2012 Denver Broncos: The Return of the Famous Orange Crush

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2012 Denver Broncos: The Return of the Famous Orange Crush
Doug Pensinger/Getty Images

Bronco Nation has spoken, and they want the famous Orange Crush back. 

In 2011, the Denver Broncos say they received 2,000 emails from fans across all 50 states as well as 32 countries, including Azerbaijan, South Korea, and Tanzania.  All addressed the fans' collective desire to bring back the beautiful Bronco orange as the team’s home jersey color.  In addition, 10,000 people signed a petition requesting the very same.

It goes without saying, this season the Broncos will be outfitted in the famous bright orange. Moreover, with the team’s defense building confidence last year, as well as adding a number of terrific players in the offseason, Denver should be looking foreword to the return of the infamous “Orange Crush” defense.

Throughout the late '70s and early '80s, as the team finally emerged from the depths of the NFL, the Broncos defense ranked among the very best.  Putting up similar numbers to the famous Steel Curtain in Pittsburgh as well as the Doomsday defense of Dallas, the Orange Crush were feared throughout the NFL.

Led by linebackers Randy Grandishar, Tom Jackson, Joe Rizzo and Bob Swenson, the Orange Crush took Denver by storm, built a championship-caliber team in the young town and developed a foundation for the team’s loyal fan base today.

In 1977, the defense lead the Broncos to their first Super Bowl appearance in franchise history and created mass hysteria in Denver.  With the much improved defense this year, as well as a rough overall record the last few seasons, it appears that 2012 could be the year the Orange Crush phenomena returns to Denver and puts the team back on the NFL’s radar.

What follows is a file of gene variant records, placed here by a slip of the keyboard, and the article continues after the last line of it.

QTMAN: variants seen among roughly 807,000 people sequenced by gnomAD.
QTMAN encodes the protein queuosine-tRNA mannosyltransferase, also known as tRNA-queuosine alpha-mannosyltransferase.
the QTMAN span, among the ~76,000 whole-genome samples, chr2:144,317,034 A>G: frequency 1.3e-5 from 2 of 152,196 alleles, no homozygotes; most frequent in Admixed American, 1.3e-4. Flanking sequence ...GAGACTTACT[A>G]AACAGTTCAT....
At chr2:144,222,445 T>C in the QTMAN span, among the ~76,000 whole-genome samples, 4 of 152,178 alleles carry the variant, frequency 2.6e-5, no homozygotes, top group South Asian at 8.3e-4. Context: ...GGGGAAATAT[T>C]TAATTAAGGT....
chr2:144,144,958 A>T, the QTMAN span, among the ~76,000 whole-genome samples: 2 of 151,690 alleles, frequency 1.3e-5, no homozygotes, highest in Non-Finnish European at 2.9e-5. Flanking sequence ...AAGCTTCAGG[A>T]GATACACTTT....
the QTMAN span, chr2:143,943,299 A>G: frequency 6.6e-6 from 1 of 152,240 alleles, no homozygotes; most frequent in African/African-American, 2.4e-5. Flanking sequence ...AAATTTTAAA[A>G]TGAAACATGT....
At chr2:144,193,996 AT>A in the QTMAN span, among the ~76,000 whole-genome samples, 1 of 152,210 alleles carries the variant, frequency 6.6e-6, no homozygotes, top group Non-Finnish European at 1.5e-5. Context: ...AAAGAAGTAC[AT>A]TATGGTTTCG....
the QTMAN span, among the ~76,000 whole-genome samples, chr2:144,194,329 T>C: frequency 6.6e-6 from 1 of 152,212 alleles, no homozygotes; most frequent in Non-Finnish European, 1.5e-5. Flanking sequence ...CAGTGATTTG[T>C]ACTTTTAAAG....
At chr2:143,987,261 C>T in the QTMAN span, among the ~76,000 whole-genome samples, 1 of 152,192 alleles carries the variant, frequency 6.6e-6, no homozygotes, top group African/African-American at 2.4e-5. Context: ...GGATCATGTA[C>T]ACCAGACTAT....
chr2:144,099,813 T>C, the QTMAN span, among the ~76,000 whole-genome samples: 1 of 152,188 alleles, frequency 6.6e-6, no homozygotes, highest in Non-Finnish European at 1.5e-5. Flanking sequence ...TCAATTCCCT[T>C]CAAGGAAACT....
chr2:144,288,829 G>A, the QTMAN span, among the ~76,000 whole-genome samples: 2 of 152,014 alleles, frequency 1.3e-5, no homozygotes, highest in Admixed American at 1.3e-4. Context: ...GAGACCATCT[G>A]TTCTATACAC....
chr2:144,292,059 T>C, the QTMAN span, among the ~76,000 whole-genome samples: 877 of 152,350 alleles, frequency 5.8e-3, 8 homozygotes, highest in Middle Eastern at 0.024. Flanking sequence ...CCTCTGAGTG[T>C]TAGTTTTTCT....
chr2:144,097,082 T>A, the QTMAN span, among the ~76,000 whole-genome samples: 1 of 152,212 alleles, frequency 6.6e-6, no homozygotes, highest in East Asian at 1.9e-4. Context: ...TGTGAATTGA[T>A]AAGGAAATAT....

Unlike the current Broncos defense, the Orange Crush absolutely dominated against the run, ranking first in the ’77 season.  However, the game has changed quite a bit in the 30-plus years since the Orange Crush craze took Denver by storm. 

Randy Gradishar

It is constantly repeated these days that the NFL is a quarterback driven league, and it is true.  However, during the '70s and '80s, the running game reigned supreme. Consequently, where the Orange Crush of old dominated the trenches, the second coming shall control the air.   

With players like Von Miller, Elvis Dumervil, Robert Ayers and D.J. Williams coming off the edge, the Broncos' pass rush should be amongst the very best this season. Furthermore, signing Mike Adams, Tracy Porter and Drayton Florence to play alongside an already talented group of Champ Bailey, Chris Harris, Quinton Carter and Rahim Moore, will lock down the secondary.

In addition, John Fox brought over his old defensive coordinator from the Carolina Panthers, former Jaguars head coach, and defensive mastermind, Jack Del Rio. The man not only played 11 very successful seasons as a linebacker in the NFL, but he also helped design some of the best defenses in recent memory.

He was the linebacker coach for the Ravens in 1999 and 2000, the defensive coordinator for Carolina in 2002-03, as well as the head coach in Jacksonville when they had one of the league's best defenses from 2003-2007. 

There is no doubt Del Rio will improve the defense as well as bring an aggressive and physical attitude, however, it is the vast improvement on offense that should ultimately take this defense to the top.